Of the wide variety of multi-tools available today, one of the most universally useful is the Leatherman Skeletool. It’s a simple folding
Of the wide variety of multi-tools available today, one of the most universally useful is the Leatherman Skeletool. It’s a simple folding plier with wire cutters, a knife blade, bottle opener, bit driver, and storage for an extra bit. It’s not as flashy or feature-rich as some other multi-tools, but that’s what makes it ideal for everyday carry—it’s simple and sleek. The footprint of the Skeletool is about the same as a large folding knife and it features a pocket clip for comfortable carrying. Like any other tool, it’s only useful if you have it when you need it, and the Skeletool is a multi-tool that you’ll have all the time.
- Materials: 420HC Stainless Steel
- Closed Length: 4 inches
- Open Length: 6 inches
- Width: 1.24 inches
- Overall Thickness: 0.52 inches
- Blade Length: 2.6 inches
- Included Bits: Phillips #1 & #2, Flat driver 1/4-inch & 3/16-inch
- Weight: 5 oz
I never really carried multi-tools on a regular basis (I always just carried a pocketknife). My buddy Frank did, though, and I found myself constantly asking to borrow his when we were out in the field. After getting the Skeletool, I haven’t looked back. It’s a tool that I use several times a day. But as useful as the stock Leatherman Skeletool is itself, there are some aftermarket parts that can make it even more useful.
My gateway into aftermarket add-ons for the Skeletool was in the form of a link someone sent me to the Skelpel, made by Metro Grade Goods and sold on Shapeways. It’s a stainless-steel 3d-printed scalpel blade adapter that replaces the knife blade on the Skeletool. It hosts the same blades that popular replaceable-blade knives like the Havalon uses and folds up just like the original knife blade. Swapping out the blade for the Skelpel is fast and easy with a T8 Torx bit.
Being 3d printed—and just $23—the Skelpel requires a little bit of finish work by the user. The printing doesn’t produce fine work the way precise machining does, so a little bit of file fitting will likely be necessary to smooth out some of the burs and get the blades snapping into place properly. The only downside to having your scalpel knife and pliers as one is that pliers are one of the best tools for swapping blades easily and safely. If you want to change blades on the fly, you’ll have to find something to pry them up and push them off with.
For everyday use, scalpel blades aren’t the most ideal option for a multi-tool—or that’s what they’d come with. But if you are already a fan of the scalpel knives, it might be the ticket for hunting applications where you’ll already be carrying your multi-tool. Although I carry the normal blade in my Skeletool for everyday life, I’ll quickly swap it out and use it on hunting trips.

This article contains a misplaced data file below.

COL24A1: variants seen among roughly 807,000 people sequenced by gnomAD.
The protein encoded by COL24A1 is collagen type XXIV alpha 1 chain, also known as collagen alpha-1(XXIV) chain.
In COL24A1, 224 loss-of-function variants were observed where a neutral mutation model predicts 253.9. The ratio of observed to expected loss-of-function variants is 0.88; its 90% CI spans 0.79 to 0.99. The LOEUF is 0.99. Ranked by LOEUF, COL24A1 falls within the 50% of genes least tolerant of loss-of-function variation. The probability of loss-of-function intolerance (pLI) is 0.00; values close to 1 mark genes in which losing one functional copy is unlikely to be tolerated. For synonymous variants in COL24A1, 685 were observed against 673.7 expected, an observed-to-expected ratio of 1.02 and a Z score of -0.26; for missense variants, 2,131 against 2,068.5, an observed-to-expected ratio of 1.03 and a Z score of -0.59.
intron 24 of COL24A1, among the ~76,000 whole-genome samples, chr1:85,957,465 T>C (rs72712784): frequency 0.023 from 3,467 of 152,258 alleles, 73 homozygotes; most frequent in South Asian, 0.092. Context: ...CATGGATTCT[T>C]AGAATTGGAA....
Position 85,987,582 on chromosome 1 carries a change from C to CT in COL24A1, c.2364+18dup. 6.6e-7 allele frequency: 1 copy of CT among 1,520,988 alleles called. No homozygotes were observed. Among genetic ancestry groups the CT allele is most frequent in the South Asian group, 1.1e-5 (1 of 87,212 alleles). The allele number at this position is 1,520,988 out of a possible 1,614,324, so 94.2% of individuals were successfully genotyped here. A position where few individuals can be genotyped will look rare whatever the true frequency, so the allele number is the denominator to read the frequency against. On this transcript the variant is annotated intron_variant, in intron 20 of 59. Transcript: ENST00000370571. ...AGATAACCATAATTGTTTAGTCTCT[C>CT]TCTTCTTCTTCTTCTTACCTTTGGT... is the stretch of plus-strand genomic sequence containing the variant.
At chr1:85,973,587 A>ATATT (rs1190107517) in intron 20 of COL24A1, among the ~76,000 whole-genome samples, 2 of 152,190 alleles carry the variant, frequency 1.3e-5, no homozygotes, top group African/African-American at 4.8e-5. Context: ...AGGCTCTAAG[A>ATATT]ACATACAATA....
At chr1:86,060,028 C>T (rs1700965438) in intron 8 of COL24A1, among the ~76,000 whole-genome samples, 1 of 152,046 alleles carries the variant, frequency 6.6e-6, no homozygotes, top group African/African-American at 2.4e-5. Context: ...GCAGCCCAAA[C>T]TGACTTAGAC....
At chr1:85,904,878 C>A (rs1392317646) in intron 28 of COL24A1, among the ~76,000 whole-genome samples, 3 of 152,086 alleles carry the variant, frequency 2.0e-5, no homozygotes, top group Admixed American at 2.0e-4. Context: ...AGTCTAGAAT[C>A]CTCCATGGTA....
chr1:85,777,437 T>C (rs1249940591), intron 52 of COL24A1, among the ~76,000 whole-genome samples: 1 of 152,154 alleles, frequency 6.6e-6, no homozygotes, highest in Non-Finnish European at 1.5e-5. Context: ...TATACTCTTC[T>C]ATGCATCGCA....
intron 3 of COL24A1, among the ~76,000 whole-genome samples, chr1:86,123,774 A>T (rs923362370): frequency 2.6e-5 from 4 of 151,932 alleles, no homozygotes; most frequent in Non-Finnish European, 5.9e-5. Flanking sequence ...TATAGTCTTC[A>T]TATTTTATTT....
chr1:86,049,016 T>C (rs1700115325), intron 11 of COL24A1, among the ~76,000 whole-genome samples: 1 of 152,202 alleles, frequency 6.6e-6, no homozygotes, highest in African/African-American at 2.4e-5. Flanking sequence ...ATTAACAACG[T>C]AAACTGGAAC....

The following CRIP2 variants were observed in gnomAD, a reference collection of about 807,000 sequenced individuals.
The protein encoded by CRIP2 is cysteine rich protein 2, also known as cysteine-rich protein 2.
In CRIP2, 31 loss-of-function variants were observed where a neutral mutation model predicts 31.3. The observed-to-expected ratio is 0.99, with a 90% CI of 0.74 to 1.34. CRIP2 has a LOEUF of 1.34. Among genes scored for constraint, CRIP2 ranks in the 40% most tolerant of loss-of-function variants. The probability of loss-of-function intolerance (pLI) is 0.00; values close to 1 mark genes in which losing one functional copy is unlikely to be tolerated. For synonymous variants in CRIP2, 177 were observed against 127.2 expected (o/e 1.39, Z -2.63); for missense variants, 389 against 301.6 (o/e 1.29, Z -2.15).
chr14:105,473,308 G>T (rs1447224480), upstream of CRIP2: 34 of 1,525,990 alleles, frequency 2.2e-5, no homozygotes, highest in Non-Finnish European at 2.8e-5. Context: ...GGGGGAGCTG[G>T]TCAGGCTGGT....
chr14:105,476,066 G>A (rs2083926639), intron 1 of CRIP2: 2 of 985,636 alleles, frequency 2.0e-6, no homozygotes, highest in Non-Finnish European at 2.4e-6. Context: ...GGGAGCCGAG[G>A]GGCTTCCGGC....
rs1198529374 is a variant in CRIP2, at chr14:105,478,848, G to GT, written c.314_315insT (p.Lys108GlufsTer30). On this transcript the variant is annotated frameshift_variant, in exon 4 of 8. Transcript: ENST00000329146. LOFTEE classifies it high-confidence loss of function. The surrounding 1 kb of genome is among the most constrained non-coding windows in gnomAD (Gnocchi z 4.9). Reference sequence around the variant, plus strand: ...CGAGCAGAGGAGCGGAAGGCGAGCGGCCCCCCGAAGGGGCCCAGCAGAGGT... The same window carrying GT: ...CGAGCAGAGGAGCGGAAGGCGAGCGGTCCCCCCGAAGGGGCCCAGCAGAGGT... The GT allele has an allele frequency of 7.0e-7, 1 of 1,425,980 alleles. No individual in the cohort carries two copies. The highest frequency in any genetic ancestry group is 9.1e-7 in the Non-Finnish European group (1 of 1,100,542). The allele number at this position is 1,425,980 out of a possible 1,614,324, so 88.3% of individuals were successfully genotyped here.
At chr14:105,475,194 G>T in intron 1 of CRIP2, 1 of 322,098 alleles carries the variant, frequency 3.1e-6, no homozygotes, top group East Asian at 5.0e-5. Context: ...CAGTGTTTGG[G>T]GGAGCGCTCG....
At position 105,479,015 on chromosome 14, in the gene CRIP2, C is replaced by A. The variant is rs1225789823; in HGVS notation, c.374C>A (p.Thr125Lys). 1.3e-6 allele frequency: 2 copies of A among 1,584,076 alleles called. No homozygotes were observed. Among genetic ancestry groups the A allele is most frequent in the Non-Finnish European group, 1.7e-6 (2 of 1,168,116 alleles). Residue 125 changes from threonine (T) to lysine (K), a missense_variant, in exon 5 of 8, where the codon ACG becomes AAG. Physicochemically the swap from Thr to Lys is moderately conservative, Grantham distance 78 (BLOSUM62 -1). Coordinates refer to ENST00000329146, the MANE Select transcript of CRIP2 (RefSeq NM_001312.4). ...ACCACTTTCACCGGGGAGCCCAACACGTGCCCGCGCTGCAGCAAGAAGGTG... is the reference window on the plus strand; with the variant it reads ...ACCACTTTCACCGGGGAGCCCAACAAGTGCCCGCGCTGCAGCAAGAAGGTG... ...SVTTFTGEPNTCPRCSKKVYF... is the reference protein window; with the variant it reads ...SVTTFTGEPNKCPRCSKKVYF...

An even more useful add-on for the Skeletool is the Hammer/Jammer. Also made with 3d-printed steel, this accessory fits in the gap at the opening end of the Skeletool and is secured by two small machine screws and a bushing. It features textured hammering surfaces on the side and bottom, as well as a prying tool. It also has 3 different-sized hex receivers and a receiver for Leatherman’s flat bits in the bottom.
The Hammer/Jammer installs easily, but like the Skelpel it requires a little bit of finesse finishing for a perfect fit. A tiny file or Dremil bit can be used to smooth out the various bit receivers that have a rough finish from the printing process.
A universal application of virtually any multi-tool is going to be banging on stuff, and the Hammer/jammer significantly strengthens the frame of the Skeletool. It takes advantage of otherwise un-used space in the tool and fills the gap between the frame at the top of the bottle opener, all the way down to the spacers on either side of the plier jaws. You won’t be hammering railroad spikes with it, but over eight months of having one, I’ve found it to be incredibly handy.
Don’t underestimate the “jammer” part of this tool, which features a small wedge/prying tool that is useful for several tasks you’d otherwise be subjecting your pocketknife blade to. Opening paint cans, adjusting scope turrets, you name it. My buddy Frank does tile work for a living, and he finds it extremely useful for leveling and gently tweaking tiles. The prying edge isn’t super fine, but you can easily file it down to whatever shape or profile you need.
If the Hammer/Jammer doesn’t suit your needs for a Skeletool accessory, the Wedgey Bar just might. If you do a lot more prying than hammering, this is what you want. It installs and fits just like the Hammer/Jammer, but instead of a hammering surface, the Wedgey Bar is a long, wide wedge. It also features a claw for pulling small nails and a couple of hex-bit-fitting holes. As a prying tool, it’s stronger than the Hammer/jammer, and the direction of prying is more rigid considering the Skeletool’s frame design.
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All these add-ons add a unique and valuable utility to an already incredibly useful tool. With the ones that suit your needs, you’ll find yourself using them often.
The biggest drawback of these 3d-printed tools is the fit and finish. They all need to be somewhat fine-tuned by the end user before they’re fully ready to roll.
After buying and using these three add-ons for the Skeletool, I can confidently say that they’ve added to the utility and strengthened the usefulness of the multi-tool. Aftermarket add-ons sometimes carry a stigma of being gimmicky junk. That’s not the case here.
These are just the tools I have used myself, and the company makes various other aftermarket tools for the Skeletool and other Leatherman multi-tools as well. If they’re as useful as these ones, they’re worth getting.